Synopses & Reviews
An inventive, wholly original look at the complex psyche of Eastern Europe in the wake of the revolutions of 1989 and the opening of the communist archives.
In the tradition of Timothy Garton Ash’s The File, Yale historian and prize-winning author Marci Shore draws upon intimate understanding to illuminate the afterlife of totalitarianism. The Taste of Ashes spans from Berlin to Moscow, moving from Vienna in Europe’s west through Prague, Bratislava, Warsaw and Bucharest to Vilnius and Kiev in the post-communist east. The result is a shimmering literary examination of the ghost of communism – no longer Marx’s “specter to come” but a haunting presence of the past.
Marci Shore builds her history around people she came to know over the course of the two decades since communism came to an end in Eastern Europe: her colleagues and friends, once-communists and once-dissidents, the accusers and the accused, the interrogators and the interrogated, Zionists, Bundists, Stalinists and their children and grandchildren. For them, the post-communist moment has not closed but rather has summoned up the past: revolution in 1968, Stalinism, the Second World War, the Holocaust. The end of communism had a dark side. As Shore pulls the reader into her journey of discovery, reading the archival records of people who are themselves confronting the traumas of former lives, she reveals the intertwining of the personal and the political, of love and cruelty, of intimacy and betrayal. The result is a lyrical, touching, and sometimes heartbreaking, portrayal of how history moves and what history means.
"Shore's Europe is populated with prostitutes and pimps, street urchins and skinheads; the landscape is 'cold and gray... burnt to ashes and rebuilt in Stalinist architecture.' The National Jewish Book Award winner's newest (after Caviar and Ashes: A Warsaw Generation's Life and Death in Marxism, 1918 1968) begins and ends with the suicide of a friend, an Ã©migrÃ© who returned to Prague only to find that the city he remembered no longer exists, and many of the characters who fill its pages are ghosts refugees of time and ideology, unable to make peace with the capitalist theme park that replaced their homelands. A historian of the Holocaust and of communism, Shore journeys through Eastern Europe probing the wounds left by the twin disasters of the 20th century. A mix of memoir, travelogue, and philosophical treatise, her book is above all an anthropological study of a people living in a world obscured by cobwebs, more mindful of yesterday than today, where the future cannot be realized until the deaths of all those who witnessed the abyss. The one who makes such observations can only be an outsider, or in the words of one of Shore's interlocutors one who knows 'too much and not enough, and nothing.' Challenging and sometimes maddening, but also warm and compassionate, the resulting work is an examination of what it means to live in a society where 'the realm of the not possible expansive' and where history, 'proceeding inexorably and inevitably,' shapes identity. Agent: Gillian MacKenzie, Gillian MacKenzie Agency." Publishers Weekly Copyright PWxyz, LLC. All rights reserved.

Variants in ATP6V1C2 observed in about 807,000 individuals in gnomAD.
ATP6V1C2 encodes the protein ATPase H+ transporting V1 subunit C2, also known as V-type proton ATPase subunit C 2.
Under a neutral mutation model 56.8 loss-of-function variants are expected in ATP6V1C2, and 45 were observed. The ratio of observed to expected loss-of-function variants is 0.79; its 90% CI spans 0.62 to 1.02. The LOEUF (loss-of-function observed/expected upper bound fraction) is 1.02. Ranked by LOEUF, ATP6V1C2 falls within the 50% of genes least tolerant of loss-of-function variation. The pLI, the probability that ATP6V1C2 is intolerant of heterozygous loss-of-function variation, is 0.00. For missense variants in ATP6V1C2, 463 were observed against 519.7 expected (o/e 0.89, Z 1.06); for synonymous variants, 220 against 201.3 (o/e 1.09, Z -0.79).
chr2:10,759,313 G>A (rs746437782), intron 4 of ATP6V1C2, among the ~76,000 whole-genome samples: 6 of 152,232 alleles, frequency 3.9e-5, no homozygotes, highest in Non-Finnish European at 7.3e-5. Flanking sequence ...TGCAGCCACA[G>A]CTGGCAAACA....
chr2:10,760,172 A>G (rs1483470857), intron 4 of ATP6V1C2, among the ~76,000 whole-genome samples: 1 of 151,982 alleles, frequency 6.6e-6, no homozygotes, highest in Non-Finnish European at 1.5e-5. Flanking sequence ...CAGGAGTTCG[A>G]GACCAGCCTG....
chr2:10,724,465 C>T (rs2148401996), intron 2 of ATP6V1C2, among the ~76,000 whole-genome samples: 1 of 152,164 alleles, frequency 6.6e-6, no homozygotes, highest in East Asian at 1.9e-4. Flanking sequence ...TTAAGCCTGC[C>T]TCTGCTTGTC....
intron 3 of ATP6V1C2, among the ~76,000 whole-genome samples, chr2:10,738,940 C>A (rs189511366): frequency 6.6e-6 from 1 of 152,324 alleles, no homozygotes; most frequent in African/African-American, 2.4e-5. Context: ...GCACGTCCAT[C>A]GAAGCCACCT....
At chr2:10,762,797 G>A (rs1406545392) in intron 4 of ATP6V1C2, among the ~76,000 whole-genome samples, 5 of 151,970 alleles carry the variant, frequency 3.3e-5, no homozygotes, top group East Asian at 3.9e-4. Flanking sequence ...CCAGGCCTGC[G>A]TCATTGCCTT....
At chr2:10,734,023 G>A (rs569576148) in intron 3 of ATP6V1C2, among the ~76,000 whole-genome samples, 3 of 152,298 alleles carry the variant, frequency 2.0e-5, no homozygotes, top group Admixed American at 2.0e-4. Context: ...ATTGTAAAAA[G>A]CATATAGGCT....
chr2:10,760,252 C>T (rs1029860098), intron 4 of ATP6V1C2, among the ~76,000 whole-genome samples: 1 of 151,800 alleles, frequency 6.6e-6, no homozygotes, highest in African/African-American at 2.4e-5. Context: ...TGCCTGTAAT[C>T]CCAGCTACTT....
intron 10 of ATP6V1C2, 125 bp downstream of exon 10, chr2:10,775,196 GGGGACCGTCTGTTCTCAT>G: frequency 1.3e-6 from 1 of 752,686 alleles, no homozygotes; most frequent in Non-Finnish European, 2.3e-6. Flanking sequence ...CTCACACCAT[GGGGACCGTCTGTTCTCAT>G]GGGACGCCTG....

About the Author
Marci Shore, an associate professor of intellectual history at Yale, has spent much of her adult life in central and eastern Europe. She is the author of Caviar and Ashes: A Warsaw Generation's Life and Death in Marxism, which won eight prizes, including a National Jewish Book Award. She is also the translator of Michał Głowiński's Holocaust memoir The Black Seasons.
Table of Contents
Table of contents
The taste of ashes
A wrinkle in time
“Hair is like garbage”
“Everything I know about people I learned in the camps”
“It was only a small revolution”
Pornography in Prague
“The human being is rather perverse”
Reason and conscience
A Galician summer
“Think about whether or not I was right”
The other side of Stalinism
The locomotive of History
The eternally wandering Jew
The dead and the living
“But not in the ovens”
Children of the Revolution
The taste of caviar
“Everything was so unattractive”
A star of the stage
Tragedy and romance
Cast of Historical Figures